In addition to modernizing the government, there are some ADDITIONAL GOVERNMENT INSTITUTIONS which should be considered to help the country at this time, these would include:

• A MINISTRY OF PLANNING (THE RE-ESTABLISHMENT THEREOF) – This ministry would replace the CDR in the government. The CDR has always been a para-governmental body which has eluded accountability and at the same time creamed the establishment. The CDR should be privatized.

• A COMMISSION FOR INTERNATIONAL AID – It should be established to focus exclusively on the refugee crises which drain the resources of the nation. This commission by its nature would report directly to The President of the Republic. It would deal with both the affairs of the Palestinian refugees, their status, and the funding of UNWRA and other aid services, and also with the affairs of the displaced Syrians regarding their return. It would be responsible for budgeting and securing the continuity of international aid for all refugees on Lebanese soil.

• A COMMISSION FOR POVERTY RELIEF – This commission would be created as a watchdog organization to oversee the management of THE POVERTY RELIEF FUND, including its allocations and disbursements to the most disenfranchised sectors of the population. It would report to the Government.

Furthermore, as a way of countering the collapse of the Lebanese economy it is very important to fractionalize the impact of the effects of such a collapse on the whole nation. This kind of mitigation can be done by increasing the economic independence of regions through the Municipalities.

One of the hardest hit sectors of the economy has been the Municipalities which have had their funds decimated by the losses in the financial sector. Due to past political corruption, the municipalities have also accumulated huge debts over which they did not have any previous oversight or control.

In light of the depleted municipal funds, it is imperative to give more autonomy to the municipalities to manage the affairs of their citizens in their localities, and that is why it is important in the next government that is formed, to RESTORE THE MINISTRY FOR MUNICIPAL AFFAIRS and separate it from the Ministry of Interior. This Ministry will handle the decentralization and allocation of resources to the Municipalities, giving them the financial autonomy to administer their budgets. This decentralization strategy can mitigate the pressure of the national economic crisis on a local basis by creating job opportunities and infrastructure development.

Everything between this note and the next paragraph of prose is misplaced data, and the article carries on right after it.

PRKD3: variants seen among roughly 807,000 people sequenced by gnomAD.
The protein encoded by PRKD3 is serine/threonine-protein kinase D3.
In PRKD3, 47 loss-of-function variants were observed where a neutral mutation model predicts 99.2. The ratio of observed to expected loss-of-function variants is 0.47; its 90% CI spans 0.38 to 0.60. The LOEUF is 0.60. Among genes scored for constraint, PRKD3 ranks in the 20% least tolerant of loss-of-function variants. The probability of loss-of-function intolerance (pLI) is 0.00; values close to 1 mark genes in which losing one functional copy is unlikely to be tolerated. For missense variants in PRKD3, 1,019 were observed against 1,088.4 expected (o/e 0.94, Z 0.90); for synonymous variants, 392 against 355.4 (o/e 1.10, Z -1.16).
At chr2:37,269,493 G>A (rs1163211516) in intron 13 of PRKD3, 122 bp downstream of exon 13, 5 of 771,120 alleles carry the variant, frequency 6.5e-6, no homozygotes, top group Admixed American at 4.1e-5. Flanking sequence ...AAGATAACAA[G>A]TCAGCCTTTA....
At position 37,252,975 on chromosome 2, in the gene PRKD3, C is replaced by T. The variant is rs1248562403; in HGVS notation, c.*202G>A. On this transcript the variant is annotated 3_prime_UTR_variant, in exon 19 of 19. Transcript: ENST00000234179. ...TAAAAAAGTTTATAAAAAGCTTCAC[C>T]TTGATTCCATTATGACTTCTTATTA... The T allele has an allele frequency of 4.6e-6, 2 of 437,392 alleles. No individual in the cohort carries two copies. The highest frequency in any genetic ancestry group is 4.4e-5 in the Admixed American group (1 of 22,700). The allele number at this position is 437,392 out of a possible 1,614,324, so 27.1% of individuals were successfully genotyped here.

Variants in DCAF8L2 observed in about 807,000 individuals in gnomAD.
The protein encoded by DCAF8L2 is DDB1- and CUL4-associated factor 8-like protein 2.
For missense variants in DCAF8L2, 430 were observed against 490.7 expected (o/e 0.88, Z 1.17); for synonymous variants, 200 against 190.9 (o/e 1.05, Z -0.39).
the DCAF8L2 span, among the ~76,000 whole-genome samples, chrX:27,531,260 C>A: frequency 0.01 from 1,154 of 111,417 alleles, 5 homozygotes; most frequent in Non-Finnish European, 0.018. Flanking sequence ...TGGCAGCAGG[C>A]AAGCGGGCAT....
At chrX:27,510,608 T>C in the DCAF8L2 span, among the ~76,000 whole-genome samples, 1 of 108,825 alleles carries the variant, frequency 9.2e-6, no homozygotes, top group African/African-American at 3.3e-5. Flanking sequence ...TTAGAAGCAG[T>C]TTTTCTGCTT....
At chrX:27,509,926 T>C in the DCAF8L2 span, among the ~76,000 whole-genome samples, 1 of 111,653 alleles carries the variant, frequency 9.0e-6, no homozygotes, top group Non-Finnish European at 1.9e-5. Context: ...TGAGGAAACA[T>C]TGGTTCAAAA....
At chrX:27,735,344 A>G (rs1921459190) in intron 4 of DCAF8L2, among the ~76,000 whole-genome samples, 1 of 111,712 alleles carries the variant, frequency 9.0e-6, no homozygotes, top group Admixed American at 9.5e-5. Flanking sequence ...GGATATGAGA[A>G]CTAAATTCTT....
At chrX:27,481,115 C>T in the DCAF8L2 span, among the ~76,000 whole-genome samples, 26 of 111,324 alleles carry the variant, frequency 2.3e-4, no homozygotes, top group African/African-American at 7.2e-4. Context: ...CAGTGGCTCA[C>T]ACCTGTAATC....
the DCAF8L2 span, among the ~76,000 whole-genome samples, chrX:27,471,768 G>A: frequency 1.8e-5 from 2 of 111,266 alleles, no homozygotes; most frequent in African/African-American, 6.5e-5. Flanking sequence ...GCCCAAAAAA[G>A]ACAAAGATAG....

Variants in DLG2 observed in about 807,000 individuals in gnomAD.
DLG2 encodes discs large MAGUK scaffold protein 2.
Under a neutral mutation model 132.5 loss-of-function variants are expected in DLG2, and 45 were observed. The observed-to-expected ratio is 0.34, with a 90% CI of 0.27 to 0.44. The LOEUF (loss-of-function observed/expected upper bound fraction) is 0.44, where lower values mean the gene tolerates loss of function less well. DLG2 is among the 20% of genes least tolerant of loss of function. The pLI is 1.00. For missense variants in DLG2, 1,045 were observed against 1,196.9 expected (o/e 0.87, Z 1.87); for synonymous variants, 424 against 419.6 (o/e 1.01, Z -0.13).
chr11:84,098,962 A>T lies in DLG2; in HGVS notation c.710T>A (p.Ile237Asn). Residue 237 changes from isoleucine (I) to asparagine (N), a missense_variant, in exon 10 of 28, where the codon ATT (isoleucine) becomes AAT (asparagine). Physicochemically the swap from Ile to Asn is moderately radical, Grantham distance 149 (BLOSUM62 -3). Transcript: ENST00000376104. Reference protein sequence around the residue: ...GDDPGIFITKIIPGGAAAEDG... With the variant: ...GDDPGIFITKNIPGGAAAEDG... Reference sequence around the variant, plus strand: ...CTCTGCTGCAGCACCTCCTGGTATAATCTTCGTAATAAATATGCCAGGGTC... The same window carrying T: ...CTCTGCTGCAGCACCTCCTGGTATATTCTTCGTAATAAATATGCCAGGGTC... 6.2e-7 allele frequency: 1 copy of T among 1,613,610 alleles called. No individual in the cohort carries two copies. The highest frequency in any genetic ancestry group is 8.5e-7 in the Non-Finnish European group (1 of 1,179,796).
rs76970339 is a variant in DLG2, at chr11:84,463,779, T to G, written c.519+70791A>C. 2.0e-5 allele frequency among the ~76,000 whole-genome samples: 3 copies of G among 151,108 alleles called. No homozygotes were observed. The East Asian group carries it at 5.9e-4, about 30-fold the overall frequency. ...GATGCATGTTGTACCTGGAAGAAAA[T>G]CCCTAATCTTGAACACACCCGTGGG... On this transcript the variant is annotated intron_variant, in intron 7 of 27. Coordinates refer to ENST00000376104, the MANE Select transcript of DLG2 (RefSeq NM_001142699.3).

Equally, it will be important to pass laws to allow municipalities the fiscal authority to implement reasonable community taxes. This will be more efficient in the present economic climate, as the tax ratios could be tailored to the affluence and prosperity of the districts. This policy of empowering the municipalities is a way for the Government to begin to propose a fiscal policy that is less draconian and more impactful.

One of the main problems which led to the high level of government corruption over the last decades, is that the Control Agencies were rendered impotent by various administration. These include The Constitutional Council, The Court of Accounts, The Civil Service Board, The General Disciplinary Council and The Central Inspection. They are supposed to protect and regulate the public sector. During Rafic Hariri’s premiership, these control agencies were brought directly under his personal management. Since then, they have suffered from political commandeering and obstruction and they have been systematically weakened for political reasons. These CONTROL AGENCIES must be empowered again. They must also be DEPOLITICIZED and led by specialists in their field.